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Statement of Bishop Mariann Budde and Dean Gary Hall on the Grand Jury Decision in the Case of Michael Brown

For Immediate Release
Contact Jim Naughton

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Bishop Mariann Edgar Budde of the Episcopal Diocese of Washington and Dean Gary Hall of Washington National Cathedral have released the following statement on the grand jury decision in the case of Michael Brown:

As we watch with all America the events unfolding in Ferguson, Missouri, the words of Martin Luther King echo in our ears: “A riot is the language of the unheard.” While we cannot condone the violent response of some protestors, the anger on display in the wake of the grand jury’s decision not to indict Officer Darren Wilson in the fatal shooting of Michael Brown has little to do with social media or the 24-hour news cycle, as District Attorney Robert P. McCulloch has suggested. It has everything to do with the persistence of systemic racism in the American justice system. African Americans had reason to hope that in the case of Michael Brown an armed police officer would at last be charged in the killing of unarmed black teenager. And yet, after a grand jury process that many legal experts have called into question, they had further evidence that in the American justice system, the lives of black youth are valued less than those of their white counterparts.

With Richard Cohen, president of the Southern Poverty Law Center, we believe "that the events in Ferguson have made vivid just how wide the gulf is between the police and those who are policed in so many communities in our country. It’s a gulf that’s been formed by the history of discrimination in our country, a gulf that has been deepened by the systemic biases in our current criminal justice system. It’s a gulf that breeds suspicion and mistrust, a gulf that undermines the very legitimacy of our system of justice."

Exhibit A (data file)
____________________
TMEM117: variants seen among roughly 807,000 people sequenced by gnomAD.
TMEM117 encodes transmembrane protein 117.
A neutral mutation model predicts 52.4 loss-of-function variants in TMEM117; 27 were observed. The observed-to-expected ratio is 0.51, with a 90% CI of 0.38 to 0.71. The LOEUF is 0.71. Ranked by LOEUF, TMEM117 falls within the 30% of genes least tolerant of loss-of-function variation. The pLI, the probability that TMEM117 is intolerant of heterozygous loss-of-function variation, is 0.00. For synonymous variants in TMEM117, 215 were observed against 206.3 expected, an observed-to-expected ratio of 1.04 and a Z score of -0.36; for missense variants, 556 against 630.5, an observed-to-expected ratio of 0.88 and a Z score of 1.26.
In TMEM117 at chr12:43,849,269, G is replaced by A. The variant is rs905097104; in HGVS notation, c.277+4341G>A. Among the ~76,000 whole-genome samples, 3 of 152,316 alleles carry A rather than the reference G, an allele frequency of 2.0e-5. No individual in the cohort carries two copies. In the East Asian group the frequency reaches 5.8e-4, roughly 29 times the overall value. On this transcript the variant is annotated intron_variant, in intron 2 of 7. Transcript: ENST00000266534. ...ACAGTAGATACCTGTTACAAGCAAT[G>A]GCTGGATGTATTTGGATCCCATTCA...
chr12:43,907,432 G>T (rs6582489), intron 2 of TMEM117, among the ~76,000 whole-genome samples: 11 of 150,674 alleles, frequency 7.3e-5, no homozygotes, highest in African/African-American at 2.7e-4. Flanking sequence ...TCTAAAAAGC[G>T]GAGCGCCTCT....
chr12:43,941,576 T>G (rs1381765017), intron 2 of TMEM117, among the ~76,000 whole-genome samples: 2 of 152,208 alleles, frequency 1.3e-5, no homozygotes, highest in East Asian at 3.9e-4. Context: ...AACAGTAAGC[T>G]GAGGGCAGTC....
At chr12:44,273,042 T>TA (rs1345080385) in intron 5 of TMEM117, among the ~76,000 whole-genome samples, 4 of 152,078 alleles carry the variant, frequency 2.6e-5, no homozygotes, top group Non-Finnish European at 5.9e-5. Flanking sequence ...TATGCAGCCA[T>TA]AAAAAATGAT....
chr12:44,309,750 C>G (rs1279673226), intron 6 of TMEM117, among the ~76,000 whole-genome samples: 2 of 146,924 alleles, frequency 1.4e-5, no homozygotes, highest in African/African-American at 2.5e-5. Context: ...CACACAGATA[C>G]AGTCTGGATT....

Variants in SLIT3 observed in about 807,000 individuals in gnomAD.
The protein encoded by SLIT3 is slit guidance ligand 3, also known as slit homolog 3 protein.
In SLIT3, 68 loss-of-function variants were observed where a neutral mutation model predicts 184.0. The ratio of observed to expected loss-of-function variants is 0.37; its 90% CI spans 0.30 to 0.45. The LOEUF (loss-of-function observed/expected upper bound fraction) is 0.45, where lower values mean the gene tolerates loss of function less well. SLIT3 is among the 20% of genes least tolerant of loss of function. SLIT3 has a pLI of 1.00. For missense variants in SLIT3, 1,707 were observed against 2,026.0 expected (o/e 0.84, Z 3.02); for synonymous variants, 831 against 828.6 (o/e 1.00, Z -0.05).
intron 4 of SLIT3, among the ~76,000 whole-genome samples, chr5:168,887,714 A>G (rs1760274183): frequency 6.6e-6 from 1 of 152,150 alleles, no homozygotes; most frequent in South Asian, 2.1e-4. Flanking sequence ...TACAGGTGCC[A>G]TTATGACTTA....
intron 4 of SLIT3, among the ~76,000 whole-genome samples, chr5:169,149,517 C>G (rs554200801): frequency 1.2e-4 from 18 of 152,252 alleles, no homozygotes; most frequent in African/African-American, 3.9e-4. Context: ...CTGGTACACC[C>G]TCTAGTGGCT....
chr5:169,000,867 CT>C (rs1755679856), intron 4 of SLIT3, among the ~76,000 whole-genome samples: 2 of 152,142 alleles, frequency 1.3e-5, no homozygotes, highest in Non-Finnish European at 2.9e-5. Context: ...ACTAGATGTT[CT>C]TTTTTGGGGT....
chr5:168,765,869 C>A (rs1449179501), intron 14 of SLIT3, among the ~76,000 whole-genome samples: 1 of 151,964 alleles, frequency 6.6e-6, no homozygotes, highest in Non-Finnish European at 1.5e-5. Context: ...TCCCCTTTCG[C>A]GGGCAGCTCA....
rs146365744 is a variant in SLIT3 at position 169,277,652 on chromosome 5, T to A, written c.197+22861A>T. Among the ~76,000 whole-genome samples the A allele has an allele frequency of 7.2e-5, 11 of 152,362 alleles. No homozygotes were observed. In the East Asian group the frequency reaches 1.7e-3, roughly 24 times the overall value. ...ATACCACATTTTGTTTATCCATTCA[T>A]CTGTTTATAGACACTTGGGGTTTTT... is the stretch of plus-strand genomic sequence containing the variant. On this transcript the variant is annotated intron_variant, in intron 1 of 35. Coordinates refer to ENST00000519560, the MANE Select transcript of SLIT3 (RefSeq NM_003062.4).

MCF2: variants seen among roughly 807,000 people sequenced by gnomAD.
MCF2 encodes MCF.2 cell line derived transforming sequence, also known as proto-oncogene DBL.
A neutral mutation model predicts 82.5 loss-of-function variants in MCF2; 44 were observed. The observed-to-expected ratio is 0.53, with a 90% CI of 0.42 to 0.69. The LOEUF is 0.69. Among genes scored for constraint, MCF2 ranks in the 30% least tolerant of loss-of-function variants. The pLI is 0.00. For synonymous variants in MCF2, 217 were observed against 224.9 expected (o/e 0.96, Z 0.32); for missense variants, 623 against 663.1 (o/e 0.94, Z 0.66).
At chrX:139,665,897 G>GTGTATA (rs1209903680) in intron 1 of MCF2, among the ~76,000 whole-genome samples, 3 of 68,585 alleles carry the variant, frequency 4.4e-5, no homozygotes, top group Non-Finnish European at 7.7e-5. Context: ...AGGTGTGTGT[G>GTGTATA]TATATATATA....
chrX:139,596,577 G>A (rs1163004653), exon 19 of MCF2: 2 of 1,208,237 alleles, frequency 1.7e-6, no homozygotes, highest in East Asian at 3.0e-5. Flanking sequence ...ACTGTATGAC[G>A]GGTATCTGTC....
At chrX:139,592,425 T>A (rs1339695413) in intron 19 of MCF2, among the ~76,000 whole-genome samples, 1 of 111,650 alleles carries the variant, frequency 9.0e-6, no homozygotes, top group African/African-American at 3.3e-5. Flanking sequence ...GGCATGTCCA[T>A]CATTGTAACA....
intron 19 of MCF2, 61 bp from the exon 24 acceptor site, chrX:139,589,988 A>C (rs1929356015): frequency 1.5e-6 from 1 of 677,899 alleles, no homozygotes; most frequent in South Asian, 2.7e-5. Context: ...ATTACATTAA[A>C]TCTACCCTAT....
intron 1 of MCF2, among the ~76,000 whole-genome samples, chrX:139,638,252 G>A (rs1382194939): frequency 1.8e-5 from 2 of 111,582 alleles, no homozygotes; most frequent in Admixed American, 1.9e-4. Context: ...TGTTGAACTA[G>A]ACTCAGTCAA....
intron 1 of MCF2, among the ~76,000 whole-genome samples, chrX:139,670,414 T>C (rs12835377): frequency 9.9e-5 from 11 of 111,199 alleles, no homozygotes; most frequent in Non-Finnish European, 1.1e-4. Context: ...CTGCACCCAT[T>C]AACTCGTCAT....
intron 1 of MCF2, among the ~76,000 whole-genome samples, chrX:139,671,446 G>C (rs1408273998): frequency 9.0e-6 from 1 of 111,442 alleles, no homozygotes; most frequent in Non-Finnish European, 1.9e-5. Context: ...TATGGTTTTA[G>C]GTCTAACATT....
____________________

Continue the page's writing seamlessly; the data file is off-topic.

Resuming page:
We support the Attorney General’s efforts to investigate further both the larger problem of racial bias in our justice system and the case of Michael Brown, and we call all people of faith and good will to join us at our prayer vigil in Washington National Cathedral at 3 p.m. on December 11 when we will remember all of victims of gun violence in our schools, our houses of worship, and on our city streets.

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The Episcopal Diocese of Washington comprises 45,000 people engaging a changing world with an enduring faith in Jesus Christ in 89 congregations in the District of Columbia and the Maryland counties of Montgomery, Prince George’s Charles and Saint Mary’s.

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